Yeah, I ultimately feel that way as well, but in parts of the US it’s hard to reach certain sectors of the population in terms of attitude change; the demographics and lives are simply too heterogenous to reach everyone. Ultimately, I would much rather take on driving culture, but that’s a big task and the resentment is already there for some. May as well put some criminalized fear in them. But then I live in an area where “liberals” count it it a victory if they persuade the city to paint white lines in the street and call it a bike lane.

Far more stringent requirements for a drivers’ license: laws of the road and some civic comprehension could be one approach I suppose.
 
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Not a good day for pros - two stories on the front page today -

http://www.cyclingnews.com/news/young-french-rider-shot-by-gunman-in-passing-car/
A young French rider was shot on Tuesday evening while out training in Toulouse.

Clément Delcros, who rides with the AVC Aix-en-Provence team, took a bullet to the shoulder from a gunman in a passing car before riding to the nearest hospital for treatment.
http://www.cyclingnews.com/news/haller-struck-by-car-while-training/
Haller struck by car while training

"I was riding with Bernie Eisel and was sitting in his wheel in a slight downhill, when suddenly a car, ignoring the stop sign, came at us from the right. Bernie just managed to escape him, but I could not do that and hit the driver's door at full speed. My bike was completely destroyed and my knee as well."
 
Hit-and-Run Fatalities Soar as More People Bike to Work
Report finds close to 70% of fatalities are cyclists or pedestrians

By Scott Calvert
April 26, 2018 5:30 a.m. ET

Hit-and-run crash deaths are rising nationwide, and pedestrians and bicyclists account for close to 70% of the victims, according to a new report, as more people cycle to work and motor-vehicle fatalities are at a near-decade-high level.

The number of hit-and-run fatalities jumped 61% from 2009 to 2016, the most recent year for which data are available, according to the report from the AAA Foundation for Traffic Safety.

About 68% of fatal hit-and-run victims in 2016 were pedestrians or cyclists, compared with 61% a decade earlier, according to federal data cited in the report.

In 2016, 1,980 fatal hit-and-run crashes across the U.S. resulted in 2,049 deaths—both record highs in the roughly four decades that the National Highway Traffic Safety Administration has tracked such data, the report said.

“On the one hand, these statistics are a bit deflating. On the other hand, we can hope they serve as a wake-up call,” said Jake Nelson, AAA’s director of traffic safety advocacy and research.

A big reason for the rise in fatal hit-and-run crashes is that deadly car crashes are up overall, the foundation said. Traffic-related fatalities surpassed 40,000 last year, the second year in a row, according to the National Safety Council.

Mr. Nelson said one possible reason those deaths have risen is growing distraction in the smartphone era. A recent report by the Governors Highway Safety Association said texting by drivers and pedestrians alike may help explain why pedestrian deaths have hit their highest levels in decades.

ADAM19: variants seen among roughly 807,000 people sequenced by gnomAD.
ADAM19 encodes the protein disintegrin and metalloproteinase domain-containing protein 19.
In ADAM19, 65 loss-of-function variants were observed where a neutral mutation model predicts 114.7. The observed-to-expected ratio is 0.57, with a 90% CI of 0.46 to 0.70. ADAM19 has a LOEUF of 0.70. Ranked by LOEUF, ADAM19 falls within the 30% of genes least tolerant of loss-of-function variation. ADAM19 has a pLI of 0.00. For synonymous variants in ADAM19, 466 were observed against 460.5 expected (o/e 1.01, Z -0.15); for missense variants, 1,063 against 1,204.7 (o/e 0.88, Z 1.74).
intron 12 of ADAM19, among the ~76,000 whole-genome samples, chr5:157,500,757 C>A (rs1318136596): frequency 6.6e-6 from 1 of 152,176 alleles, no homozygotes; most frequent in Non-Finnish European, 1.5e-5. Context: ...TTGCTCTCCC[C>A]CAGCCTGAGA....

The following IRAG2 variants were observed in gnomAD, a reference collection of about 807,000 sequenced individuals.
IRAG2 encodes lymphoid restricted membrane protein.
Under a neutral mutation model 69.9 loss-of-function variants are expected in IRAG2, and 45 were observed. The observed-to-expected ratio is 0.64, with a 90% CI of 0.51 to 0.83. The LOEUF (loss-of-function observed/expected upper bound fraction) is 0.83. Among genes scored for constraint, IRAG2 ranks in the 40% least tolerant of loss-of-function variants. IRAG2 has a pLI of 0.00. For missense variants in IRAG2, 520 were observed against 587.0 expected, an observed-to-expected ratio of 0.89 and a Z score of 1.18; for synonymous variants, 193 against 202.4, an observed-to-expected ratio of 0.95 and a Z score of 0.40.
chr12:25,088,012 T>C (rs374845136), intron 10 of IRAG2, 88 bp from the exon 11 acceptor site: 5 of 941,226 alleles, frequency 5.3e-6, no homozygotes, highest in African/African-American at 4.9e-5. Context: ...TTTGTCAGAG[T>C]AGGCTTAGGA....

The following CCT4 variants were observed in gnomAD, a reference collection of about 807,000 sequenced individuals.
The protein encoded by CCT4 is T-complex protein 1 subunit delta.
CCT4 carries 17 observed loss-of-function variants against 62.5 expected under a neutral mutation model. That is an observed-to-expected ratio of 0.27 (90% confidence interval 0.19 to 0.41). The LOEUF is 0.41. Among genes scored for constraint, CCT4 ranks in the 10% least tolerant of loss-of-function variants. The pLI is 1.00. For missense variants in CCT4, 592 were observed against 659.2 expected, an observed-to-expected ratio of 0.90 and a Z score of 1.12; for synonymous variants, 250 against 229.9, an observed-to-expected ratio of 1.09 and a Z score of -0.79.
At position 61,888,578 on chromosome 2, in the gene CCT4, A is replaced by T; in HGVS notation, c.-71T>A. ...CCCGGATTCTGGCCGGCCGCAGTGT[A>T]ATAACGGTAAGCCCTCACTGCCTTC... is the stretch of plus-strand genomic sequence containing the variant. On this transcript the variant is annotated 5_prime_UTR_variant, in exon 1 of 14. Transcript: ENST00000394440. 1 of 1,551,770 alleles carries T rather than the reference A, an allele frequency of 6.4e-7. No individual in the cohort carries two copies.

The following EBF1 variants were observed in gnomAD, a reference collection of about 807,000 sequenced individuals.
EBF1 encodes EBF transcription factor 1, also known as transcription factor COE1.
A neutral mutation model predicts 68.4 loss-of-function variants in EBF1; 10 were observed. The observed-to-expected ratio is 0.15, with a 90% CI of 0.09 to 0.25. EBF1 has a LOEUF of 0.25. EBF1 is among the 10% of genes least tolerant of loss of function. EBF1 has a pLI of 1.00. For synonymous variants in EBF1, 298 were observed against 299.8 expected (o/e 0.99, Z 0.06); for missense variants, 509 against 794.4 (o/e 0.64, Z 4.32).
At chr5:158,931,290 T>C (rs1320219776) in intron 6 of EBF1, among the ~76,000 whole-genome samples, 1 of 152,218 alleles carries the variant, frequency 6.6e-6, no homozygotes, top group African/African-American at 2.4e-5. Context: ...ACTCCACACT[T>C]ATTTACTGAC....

Another potential factor Mr. Nelson cited is the push by public health officials to encourage people to walk and bike more. The downside, he said, is those activities make people more vulnerable in the event of a crash involving a car or truck.

The number of bike commuters nationwide has ebbed in recent years, but rose nearly 40% from 2006 to 2016, when 864,000 rode to work, according to the Census Bureau.

To improve safety, he said, pedestrians and cyclists need physical barriers like protected bike lanes—an idea gaining popularity around the U.S. but also causing fights in some places over reduced parking or travel lanes.

The AAA report says state legislatures are cracking down on hit-and-run drivers. In every state it is illegal for a driver involved in a crash to flee. Over the past five years, more than a dozen states have passed new laws typically boosting jail time, fines and the length of a driver’s license suspension. But the report said researchers have found legal sanctions don’t appear to have a deterrent effect.

Mr. Nelson said motorists should know that staying at the scene isn’t only the law, it can help ensure victims get prompt medical care.

The ultimate aim is to prevent crashes, he said, and his message for drivers, pedestrians and cyclists is: “Just pay attention, open your eyes, keep your head up and focus on what you’re doing.”
 
The judge said Collier's case was at the lower end of the scale of carelessness and the penalty should reflect this.
What. The. Actual. ***? :mad:

Yes, I know that in that type of situations cyclists have a responsibility too, making sure they aren't in the blindspot. However...

1: We don't know if Den Ouden had done everything he could to make sure he wasn't in the blindspot.
2: The least the driver could have done was stop his damn vehicle and check what he'd hit. Especially considering that fact that I'd imagine hitting a person would be quite different from hitting a pot hole or a cone...